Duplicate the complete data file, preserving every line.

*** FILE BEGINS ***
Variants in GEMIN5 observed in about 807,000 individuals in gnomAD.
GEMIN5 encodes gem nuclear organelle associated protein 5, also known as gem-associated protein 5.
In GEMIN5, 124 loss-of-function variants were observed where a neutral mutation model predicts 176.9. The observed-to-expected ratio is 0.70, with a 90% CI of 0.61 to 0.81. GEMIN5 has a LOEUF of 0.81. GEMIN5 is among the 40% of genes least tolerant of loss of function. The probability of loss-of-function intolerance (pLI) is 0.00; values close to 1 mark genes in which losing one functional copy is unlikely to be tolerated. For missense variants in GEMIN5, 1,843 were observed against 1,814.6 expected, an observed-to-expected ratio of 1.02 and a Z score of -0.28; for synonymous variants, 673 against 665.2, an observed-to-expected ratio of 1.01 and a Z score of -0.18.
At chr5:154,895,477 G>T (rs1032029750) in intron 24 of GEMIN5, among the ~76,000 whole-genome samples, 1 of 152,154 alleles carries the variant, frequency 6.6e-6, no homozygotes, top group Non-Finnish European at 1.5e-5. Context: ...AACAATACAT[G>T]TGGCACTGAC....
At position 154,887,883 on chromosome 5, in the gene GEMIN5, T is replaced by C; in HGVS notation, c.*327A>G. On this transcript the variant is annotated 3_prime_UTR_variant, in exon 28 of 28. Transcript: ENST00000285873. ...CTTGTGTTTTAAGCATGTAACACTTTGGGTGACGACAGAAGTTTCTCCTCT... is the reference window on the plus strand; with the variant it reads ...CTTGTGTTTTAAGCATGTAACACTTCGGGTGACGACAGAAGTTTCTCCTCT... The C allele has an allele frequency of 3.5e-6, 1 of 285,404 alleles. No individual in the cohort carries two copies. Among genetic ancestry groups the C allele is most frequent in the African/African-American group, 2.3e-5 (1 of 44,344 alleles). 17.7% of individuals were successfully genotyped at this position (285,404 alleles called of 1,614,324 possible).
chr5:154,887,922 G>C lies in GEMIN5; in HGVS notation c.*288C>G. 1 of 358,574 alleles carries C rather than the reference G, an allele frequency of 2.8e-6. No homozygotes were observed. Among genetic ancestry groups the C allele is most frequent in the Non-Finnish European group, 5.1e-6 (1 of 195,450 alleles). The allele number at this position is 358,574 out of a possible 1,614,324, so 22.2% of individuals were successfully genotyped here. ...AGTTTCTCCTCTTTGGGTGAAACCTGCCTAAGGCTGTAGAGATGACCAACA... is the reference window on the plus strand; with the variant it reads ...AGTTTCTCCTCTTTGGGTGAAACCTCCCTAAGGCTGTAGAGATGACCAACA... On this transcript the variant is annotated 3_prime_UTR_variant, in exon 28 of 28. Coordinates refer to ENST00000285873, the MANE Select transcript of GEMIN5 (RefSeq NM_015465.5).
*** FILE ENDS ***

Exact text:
Variants in GEMIN5 observed in about 807,000 individuals in gnomAD.
GEMIN5 encodes gem nuclear organelle associated protein 5, also known as gem-associated protein 5.
In GEMIN5, 124 loss-of-function variants were observed where a neutral mutation model predicts 176.9. The observed-to-expected ratio is 0.70, with a 90% CI of 0.61 to 0.81. GEMIN5 has a LOEUF of 0.81. GEMIN5 is among the 40% of genes least tolerant of loss of function. The probability of loss-of-function intolerance (pLI) is 0.00; values close to 1 mark genes in which losing one functional copy is unlikely to be tolerated. For missense variants in GEMIN5, 1,843 were observed against 1,814.6 expected, an observed-to-expected ratio of 1.02 and a Z score of -0.28; for synonymous variants, 673 against 665.2, an observed-to-expected ratio of 1.01 and a Z score of -0.18.
At chr5:154,895,477 G>T (rs1032029750) in intron 24 of GEMIN5, among the ~76,000 whole-genome samples, 1 of 152,154 alleles carries the variant, frequency 6.6e-6, no homozygotes, top group Non-Finnish European at 1.5e-5. Context: ...AACAATACAT[G>T]TGGCACTGAC....
At position 154,887,883 on chromosome 5, in the gene GEMIN5, T is replaced by C; in HGVS notation, c.*327A>G. On this transcript the variant is annotated 3_prime_UTR_variant, in exon 28 of 28. Transcript: ENST00000285873. ...CTTGTGTTTTAAGCATGTAACACTTTGGGTGACGACAGAAGTTTCTCCTCT... is the reference window on the plus strand; with the variant it reads ...CTTGTGTTTTAAGCATGTAACACTTCGGGTGACGACAGAAGTTTCTCCTCT... The C allele has an allele frequency of 3.5e-6, 1 of 285,404 alleles. No individual in the cohort carries two copies. Among genetic ancestry groups the C allele is most frequent in the African/African-American group, 2.3e-5 (1 of 44,344 alleles). 17.7% of individuals were successfully genotyped at this position (285,404 alleles called of 1,614,324 possible).
chr5:154,887,922 G>C lies in GEMIN5; in HGVS notation c.*288C>G. 1 of 358,574 alleles carries C rather than the reference G, an allele frequency of 2.8e-6. No homozygotes were observed. Among genetic ancestry groups the C allele is most frequent in the Non-Finnish European group, 5.1e-6 (1 of 195,450 alleles). The allele number at this position is 358,574 out of a possible 1,614,324, so 22.2% of individuals were successfully genotyped here. ...AGTTTCTCCTCTTTGGGTGAAACCTGCCTAAGGCTGTAGAGATGACCAACA... is the reference window on the plus strand; with the variant it reads ...AGTTTCTCCTCTTTGGGTGAAACCTCCCTAAGGCTGTAGAGATGACCAACA... On this transcript the variant is annotated 3_prime_UTR_variant, in exon 28 of 28. Coordinates refer to ENST00000285873, the MANE Select transcript of GEMIN5 (RefSeq NM_015465.5).